This article should make it clear that the appearance system of the coleoid cephalopods is both complex and differently used, and that researchers are only just beginning to understand it. We still don’t know how apparently colour-blind animals make such exquisite colour matches. We can’t imagine how they control and adapt the skin system without feedback about its production. And this account of cephalopod skin has not been able to discuss changes across time, in evolution and development, and the widespread replacement of colour displays by bioluminescent ones in the dark depths.

Like the blind men trying to understand the elephant by exploring different parts of it, we have a long way to go before we understand the whole expression of cephalopod appearance and we will need to combine our knowledge to find the central truth. The chameleons of the sea are too complex and fascinating to do otherwise.

Jennifer Mather is a professor in the psychology department at the University of Lethbridge, Canada, and an expert in the behaviour of cephalopod molluscs. Jennifer and Craig Foster are currently using octopus imagery from the kelp forests of South Africa to test human perception of cephalopod camouflage, and developing underwater tracking methods with Dr Jannes Landschoff to assist with studies of cephalopod behaviour.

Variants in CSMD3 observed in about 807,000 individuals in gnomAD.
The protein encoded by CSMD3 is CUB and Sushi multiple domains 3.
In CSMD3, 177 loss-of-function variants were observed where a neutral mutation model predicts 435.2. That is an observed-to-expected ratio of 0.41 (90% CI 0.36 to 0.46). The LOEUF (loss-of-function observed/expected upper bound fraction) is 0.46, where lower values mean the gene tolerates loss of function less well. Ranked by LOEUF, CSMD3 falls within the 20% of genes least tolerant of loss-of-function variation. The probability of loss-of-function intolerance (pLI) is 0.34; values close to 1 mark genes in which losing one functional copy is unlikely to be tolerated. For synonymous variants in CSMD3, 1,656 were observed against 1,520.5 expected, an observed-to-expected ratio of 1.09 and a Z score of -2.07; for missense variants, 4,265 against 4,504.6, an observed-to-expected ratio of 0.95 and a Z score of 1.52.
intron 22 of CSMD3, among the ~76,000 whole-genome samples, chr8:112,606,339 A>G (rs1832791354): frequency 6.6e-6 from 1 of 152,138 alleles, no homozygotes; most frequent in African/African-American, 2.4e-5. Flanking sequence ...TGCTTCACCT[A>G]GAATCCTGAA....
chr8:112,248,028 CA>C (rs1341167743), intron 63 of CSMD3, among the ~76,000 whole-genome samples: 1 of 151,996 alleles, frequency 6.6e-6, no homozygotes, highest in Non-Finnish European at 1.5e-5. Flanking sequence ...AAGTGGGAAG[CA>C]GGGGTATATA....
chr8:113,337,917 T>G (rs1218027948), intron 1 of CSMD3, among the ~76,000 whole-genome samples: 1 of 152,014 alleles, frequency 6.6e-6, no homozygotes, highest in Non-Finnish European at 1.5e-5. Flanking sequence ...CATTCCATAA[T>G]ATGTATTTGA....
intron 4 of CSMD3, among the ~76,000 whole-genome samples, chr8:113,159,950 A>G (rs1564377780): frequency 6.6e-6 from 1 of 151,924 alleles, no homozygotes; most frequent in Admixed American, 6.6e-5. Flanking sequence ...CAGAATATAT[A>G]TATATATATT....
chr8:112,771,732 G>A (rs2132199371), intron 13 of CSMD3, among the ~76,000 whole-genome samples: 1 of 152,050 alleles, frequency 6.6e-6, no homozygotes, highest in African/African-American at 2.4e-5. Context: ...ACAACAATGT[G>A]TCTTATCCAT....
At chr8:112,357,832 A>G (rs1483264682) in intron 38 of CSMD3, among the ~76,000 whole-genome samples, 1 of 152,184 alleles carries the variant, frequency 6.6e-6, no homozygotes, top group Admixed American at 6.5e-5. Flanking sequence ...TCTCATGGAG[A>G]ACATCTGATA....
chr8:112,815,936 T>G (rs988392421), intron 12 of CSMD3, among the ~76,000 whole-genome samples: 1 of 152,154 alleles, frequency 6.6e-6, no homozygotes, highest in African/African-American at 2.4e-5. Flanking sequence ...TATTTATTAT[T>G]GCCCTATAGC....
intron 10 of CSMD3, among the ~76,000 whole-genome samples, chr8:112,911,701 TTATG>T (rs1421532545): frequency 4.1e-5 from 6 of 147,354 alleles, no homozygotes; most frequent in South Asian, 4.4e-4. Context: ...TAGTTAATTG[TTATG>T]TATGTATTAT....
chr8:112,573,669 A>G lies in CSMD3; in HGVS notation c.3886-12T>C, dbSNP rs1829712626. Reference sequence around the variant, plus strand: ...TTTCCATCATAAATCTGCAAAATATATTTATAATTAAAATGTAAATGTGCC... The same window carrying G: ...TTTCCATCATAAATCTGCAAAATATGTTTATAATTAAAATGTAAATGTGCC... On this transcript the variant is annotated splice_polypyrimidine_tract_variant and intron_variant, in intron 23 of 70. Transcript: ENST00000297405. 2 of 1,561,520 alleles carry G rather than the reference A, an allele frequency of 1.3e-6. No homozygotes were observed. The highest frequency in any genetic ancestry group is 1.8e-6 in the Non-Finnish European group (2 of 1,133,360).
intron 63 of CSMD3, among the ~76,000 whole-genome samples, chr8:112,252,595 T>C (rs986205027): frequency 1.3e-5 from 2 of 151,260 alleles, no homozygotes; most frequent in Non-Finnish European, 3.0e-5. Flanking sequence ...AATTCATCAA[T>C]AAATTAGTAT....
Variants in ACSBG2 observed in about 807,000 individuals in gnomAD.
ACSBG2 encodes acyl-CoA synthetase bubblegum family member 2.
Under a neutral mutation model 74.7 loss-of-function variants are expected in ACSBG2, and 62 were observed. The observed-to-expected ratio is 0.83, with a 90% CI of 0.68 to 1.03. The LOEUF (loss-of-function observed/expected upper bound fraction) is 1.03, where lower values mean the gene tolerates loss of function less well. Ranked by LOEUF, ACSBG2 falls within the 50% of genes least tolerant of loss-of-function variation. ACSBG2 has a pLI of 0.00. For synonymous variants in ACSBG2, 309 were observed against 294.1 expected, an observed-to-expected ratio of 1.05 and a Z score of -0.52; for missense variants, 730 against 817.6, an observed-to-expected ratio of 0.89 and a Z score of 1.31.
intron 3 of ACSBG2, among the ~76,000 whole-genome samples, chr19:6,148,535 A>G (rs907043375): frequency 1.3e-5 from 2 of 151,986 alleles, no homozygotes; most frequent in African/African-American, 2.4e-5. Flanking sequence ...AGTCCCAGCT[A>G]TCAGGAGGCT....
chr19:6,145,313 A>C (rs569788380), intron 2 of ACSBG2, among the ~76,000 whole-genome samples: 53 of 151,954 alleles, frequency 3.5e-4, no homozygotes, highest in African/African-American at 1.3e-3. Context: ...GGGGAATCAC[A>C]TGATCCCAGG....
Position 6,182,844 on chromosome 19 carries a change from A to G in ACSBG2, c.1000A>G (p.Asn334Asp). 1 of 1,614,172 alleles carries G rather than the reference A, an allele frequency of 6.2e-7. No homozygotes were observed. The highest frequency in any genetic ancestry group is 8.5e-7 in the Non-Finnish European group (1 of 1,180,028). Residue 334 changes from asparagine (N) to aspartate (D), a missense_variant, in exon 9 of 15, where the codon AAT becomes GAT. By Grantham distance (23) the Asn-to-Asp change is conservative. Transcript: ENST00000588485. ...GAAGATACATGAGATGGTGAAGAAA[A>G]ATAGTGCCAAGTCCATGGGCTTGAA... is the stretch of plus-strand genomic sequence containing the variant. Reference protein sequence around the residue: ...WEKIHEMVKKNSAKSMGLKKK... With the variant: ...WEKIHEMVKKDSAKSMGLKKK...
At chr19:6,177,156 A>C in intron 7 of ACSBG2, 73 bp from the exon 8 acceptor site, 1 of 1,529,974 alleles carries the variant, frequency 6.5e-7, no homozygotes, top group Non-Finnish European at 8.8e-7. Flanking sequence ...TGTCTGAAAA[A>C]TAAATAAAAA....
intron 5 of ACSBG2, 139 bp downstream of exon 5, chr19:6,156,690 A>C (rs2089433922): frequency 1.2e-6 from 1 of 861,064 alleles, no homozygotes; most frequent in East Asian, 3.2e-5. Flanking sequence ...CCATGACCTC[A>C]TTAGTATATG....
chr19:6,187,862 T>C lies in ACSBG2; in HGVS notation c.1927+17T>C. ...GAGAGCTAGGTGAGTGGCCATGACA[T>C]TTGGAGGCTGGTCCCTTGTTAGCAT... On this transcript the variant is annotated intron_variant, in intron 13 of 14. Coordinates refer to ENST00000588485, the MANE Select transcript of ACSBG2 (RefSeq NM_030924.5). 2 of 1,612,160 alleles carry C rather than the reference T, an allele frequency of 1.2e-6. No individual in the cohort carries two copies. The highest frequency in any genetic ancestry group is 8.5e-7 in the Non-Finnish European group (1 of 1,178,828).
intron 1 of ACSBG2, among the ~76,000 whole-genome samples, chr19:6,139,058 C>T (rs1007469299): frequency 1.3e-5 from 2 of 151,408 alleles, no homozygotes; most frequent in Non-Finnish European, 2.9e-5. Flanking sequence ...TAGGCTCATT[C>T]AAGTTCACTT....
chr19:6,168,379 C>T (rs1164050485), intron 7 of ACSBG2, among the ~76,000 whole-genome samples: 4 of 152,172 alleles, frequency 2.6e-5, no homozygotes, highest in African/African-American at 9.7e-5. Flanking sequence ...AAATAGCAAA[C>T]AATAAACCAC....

Seven of these images contains a camouflaged octopus - one doesn't. Can you find which one? Click the image to explore in more detail - answers below*


Jennifer Mather is a professor in the psychology department at the University of Lethbridge, Canada, and an expert in the behaviour of cephalopod molluscs. Jennifer and Craig Foster are currently using octopus imagery from the kelp forests of South Africa to test human perception of cephalopod camouflage, and developing underwater tracking methods with Dr Jannes Landschoff to assist with studies of cephalopod behaviour.

Thank you to Craig Foster for his images of camouflaged cephalopods. *Image five contains no cephalopods - that we know of...